Friend being a dick about my DD's birthday

(404 Posts)
DrMum83 Sat 02-Jan-16 19:58:46

Am I being all pfb?
Known a couple for 15 years - we're all close, went to uni together, see each other loads as a four, they live 5 mins away.
We have a DD who turns one next week.
They're planning a family but both of them have hectic social lives and on NYE said that they can't bring themselves to ttc as they'd miss their independence but will have kids at some point. have mentioned this to avoid backlash of 'maybe they're having fertility issues', they're not
Since DD was born we have seen them a lot less for obvious reasons. We often invite for dinner at our house or have met individually - so I'd do lunch with the wife and DH might play squash with the husband, but they're really not child friendly- on the few occasions my DD has been there, the husband has completely ignored her existence and the wife has done some obligatory cooing but obviously isn't that bothered. This is fine with us - we get that pre kids, life is about drinking, lie ins and nice holidays and we definitely don't expect our DD to be centre of attention.

So..next weekend were having a really low key tea and cakes birthday thing at our house.
I just made a whatsapp group and added the couple and said 'no offense will be taken if you'd rather not but you're welcome to pop in for a cuppa and cake at any point. I honestly do not mind if you don't fancy it'
The husband replied 'this sounds shit' and then I got notification that 'husband has left group'

Now, I get they're not into kids but AIBU to be miffed at his rudeness? Half of me thinks it's funny- we have a very banterful relationship and it could be just that but ffs, he could have just said he was busy or ignored it??

chumbler Sat 02-Jan-16 20:02:05

Gosh that's rude

LIZS Sat 02-Jan-16 20:02:11

How rude! But yabu to expect anything other than a passing interest in your dd if they have none of their own.

toobreathless Sat 02-Jan-16 20:03:07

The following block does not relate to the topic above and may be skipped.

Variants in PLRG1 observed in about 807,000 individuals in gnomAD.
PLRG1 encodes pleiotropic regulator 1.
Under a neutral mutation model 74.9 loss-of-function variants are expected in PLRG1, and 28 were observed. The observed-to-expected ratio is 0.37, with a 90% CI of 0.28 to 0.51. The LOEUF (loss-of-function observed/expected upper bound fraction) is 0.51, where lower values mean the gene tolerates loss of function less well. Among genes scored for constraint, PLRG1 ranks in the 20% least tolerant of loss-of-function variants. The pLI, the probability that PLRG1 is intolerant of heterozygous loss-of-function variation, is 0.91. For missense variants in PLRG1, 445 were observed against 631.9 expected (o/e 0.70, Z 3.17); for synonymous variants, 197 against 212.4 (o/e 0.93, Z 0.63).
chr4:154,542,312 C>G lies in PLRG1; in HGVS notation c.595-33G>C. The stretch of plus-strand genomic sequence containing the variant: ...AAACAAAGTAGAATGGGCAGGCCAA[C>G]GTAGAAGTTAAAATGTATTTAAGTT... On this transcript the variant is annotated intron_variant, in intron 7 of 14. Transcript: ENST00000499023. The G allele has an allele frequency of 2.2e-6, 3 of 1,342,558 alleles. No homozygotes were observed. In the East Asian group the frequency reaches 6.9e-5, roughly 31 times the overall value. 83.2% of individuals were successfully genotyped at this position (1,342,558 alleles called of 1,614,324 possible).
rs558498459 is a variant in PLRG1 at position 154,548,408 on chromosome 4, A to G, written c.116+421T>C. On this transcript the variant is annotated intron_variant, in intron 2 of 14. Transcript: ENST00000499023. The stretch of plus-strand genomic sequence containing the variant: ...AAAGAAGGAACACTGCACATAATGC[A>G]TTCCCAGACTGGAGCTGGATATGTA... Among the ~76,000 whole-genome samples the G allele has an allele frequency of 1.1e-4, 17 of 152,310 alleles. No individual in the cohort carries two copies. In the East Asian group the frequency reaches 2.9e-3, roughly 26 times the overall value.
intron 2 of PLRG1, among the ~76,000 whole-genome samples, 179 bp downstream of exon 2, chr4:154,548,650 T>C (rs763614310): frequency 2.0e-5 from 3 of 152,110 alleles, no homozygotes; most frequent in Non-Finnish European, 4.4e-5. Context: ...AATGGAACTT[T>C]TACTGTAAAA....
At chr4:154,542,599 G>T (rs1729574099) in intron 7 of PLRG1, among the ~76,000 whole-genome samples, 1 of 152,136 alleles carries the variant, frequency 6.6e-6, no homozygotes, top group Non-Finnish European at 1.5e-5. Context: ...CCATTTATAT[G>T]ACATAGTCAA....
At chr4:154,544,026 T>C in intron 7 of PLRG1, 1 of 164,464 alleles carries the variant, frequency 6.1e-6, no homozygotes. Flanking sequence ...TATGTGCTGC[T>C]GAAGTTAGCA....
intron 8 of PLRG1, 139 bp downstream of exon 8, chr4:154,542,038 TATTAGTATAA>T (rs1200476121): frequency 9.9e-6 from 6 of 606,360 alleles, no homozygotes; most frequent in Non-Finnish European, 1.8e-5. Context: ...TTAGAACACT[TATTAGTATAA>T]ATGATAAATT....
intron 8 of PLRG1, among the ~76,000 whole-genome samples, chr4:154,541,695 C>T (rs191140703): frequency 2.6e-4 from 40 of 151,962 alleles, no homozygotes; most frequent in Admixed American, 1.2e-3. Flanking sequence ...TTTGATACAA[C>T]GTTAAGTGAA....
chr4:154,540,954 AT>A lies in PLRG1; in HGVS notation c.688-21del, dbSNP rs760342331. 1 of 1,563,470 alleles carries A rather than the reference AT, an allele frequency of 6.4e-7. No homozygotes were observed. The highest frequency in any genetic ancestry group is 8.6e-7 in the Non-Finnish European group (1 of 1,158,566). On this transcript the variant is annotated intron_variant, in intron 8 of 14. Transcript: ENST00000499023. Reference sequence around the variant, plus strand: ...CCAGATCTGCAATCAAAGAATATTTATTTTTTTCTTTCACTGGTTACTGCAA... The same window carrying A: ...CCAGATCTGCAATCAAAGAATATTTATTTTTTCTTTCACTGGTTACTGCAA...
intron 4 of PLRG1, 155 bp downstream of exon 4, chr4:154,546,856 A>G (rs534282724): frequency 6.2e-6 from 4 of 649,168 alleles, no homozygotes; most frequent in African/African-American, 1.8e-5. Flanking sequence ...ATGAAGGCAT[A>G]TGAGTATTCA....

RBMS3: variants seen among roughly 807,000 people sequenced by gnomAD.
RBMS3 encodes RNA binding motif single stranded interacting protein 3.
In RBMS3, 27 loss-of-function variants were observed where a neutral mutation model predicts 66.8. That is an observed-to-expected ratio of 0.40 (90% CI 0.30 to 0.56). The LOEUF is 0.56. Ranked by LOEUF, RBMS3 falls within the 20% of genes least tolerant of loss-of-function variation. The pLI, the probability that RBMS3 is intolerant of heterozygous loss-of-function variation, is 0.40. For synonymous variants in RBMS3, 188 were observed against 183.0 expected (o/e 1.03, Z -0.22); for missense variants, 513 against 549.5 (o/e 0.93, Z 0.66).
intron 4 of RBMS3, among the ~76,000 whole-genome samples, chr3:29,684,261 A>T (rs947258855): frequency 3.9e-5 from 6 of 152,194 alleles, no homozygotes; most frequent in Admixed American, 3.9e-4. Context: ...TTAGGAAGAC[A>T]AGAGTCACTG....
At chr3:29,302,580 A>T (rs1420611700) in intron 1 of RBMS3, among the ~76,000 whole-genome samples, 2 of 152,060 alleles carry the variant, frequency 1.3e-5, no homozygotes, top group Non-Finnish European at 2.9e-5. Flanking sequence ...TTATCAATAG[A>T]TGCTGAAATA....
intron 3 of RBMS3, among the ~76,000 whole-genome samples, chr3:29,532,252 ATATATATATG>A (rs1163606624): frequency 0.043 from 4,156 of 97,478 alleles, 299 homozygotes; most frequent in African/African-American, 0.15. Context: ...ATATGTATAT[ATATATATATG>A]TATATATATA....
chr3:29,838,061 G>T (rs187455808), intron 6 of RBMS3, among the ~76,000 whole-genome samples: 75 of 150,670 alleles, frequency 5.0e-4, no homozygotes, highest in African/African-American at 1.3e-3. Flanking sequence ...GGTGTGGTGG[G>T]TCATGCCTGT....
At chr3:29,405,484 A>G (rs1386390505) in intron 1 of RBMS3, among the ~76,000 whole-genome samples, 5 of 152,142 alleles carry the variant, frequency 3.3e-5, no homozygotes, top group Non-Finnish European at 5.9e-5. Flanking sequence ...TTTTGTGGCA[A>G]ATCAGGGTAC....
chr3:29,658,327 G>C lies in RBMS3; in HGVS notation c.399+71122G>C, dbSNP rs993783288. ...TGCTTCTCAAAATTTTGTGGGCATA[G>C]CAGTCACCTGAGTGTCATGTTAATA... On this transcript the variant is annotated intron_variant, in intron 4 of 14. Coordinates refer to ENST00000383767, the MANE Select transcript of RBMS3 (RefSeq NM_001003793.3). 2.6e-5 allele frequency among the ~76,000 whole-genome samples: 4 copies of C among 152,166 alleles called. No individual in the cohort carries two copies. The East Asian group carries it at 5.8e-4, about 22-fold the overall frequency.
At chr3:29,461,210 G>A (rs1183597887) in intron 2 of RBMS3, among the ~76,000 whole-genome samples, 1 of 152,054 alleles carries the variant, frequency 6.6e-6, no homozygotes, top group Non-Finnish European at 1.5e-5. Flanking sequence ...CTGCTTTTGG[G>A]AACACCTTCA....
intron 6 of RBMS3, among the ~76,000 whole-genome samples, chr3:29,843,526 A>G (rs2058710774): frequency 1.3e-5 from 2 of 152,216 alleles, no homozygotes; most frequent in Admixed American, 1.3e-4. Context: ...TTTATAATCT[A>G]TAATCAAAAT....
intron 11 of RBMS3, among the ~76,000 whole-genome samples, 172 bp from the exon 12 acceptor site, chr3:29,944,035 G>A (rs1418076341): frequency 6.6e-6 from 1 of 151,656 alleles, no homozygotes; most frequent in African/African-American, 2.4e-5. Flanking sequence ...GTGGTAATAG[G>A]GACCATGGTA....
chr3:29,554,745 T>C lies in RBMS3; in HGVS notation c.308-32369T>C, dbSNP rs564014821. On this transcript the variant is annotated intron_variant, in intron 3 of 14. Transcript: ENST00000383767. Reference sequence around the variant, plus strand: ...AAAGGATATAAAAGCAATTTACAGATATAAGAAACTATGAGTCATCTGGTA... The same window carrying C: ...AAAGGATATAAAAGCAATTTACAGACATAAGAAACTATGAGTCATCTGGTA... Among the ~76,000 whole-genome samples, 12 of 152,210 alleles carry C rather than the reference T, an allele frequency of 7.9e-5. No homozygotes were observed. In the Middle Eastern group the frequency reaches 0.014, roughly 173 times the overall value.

YANBU!

But is the too busy thing an excuse?are they actually struggling to concieve? This might explain some of the rudeness.

MintyBojingles Sat 02-Jan-16 20:03:14

Yeah that's just rude. I get it could not be his thing, in which case he should just keep quiet and say sorry can't make it.

Enjoy your DDs birthday with nicer people.

raisin3cookies Sat 02-Jan-16 20:03:45

Way over the line, "bantery" relationship or not. I'd be terribly hurt and stop inviting them round from now on.

hadtoregregister Sat 02-Jan-16 20:03:56

Message withdrawn at poster's request.

waxweasel Sat 02-Jan-16 20:05:21

It really doesn't sound like OP expects even a passing interest, sounds like you're expecting no interest at all! Which is very reasonable and tolerant of you. Tbh, any friends of ours who aren't the least bit interested in our DD are now ex friends. I just dont have time for that.

This friend sounds an utter twat. So so rude. I'd call him on it.

RandomMess Sat 02-Jan-16 20:05:25

YANBU whatever the reason, there is no need to be so crass - it really doesn't sound like banter. "No thanks" would have sufficed!

YouBastardSockBalls Sat 02-Jan-16 20:06:42

That's really rude.

Diggum Sat 02-Jan-16 20:07:07

I dunno. I have a few friends who have wonderfully cynical senses of humour and if this came from any of them I'd laugh and reply with something equally appalling.

Depends on the type of banter I guess?!

Moonriver1 Sat 02-Jan-16 20:07:26

Message deleted by MNHQ. Here's a link to our Talk Guidelines.

molyholy Sat 02-Jan-16 20:07:35

He was probably semi joking. Take no notice. I would not got to a one yr olds bday if I wasn't an immediate relative I.e mum or sister.

bornwithaplasticspoon Sat 02-Jan-16 20:07:55

That's really hurtful. Some 'friend'. hmm

SquinkiesRule Sat 02-Jan-16 20:08:01

Nasty man, that wasn't necessary, a polite no thanks and then leave the group would have been fine.

doitanyways Sat 02-Jan-16 20:08:43

Very rude shock

SilverdaleGlen Sat 02-Jan-16 20:09:27

shock

Definitely rude. At a push banter that was horribly misguided and stupid. Think you have to pull him up on it face to face.

SkyShadow Sat 02-Jan-16 20:09:34

Very rude.

Floggingmolly Sat 02-Jan-16 20:09:57

That is not an example of a wonderful, cynical sense of humour, Diggum
It's an example of how an ignorant arsehole behaves.

Mooshbag Sat 02-Jan-16 20:10:15

That's pretty rude. YANBU.

mysaladdays Sat 02-Jan-16 20:11:25

Ouch! Rude. Depends whether you want to maintain friendship- sometimes there are bumps on the road when renegotiating boundaries after a big change like one couple having a baby, but I think part of it is letting the other party know if they've overstepped the mark, which he has by some way. I might text back with a short text to say it was harsh. Otherwise he won't know (though he should!) and possibly carry on like that.....

museumum Sat 02-Jan-16 20:11:32

Very rude.
If he really didn't fAncy it he'd just say "yes, not really our thing but have fun".

gandalf456 Sat 02-Jan-16 20:12:11

Ouch. No. It's rude but probably a joke gone too far but one where he really meant it deep down

coffeeisnectar Sat 02-Jan-16 20:12:16

moon were you there? Are you the wife?

I think that's really rude op. What does your dh say?

PaintedTshirt Sat 02-Jan-16 20:12:31

Is he a "I was only joking" type person? Code for passive aggressive prick who will claim you have no sense of humour if you don't find this 'joke' funny?

Just distance yourself and remember this once they have their own pfb smile

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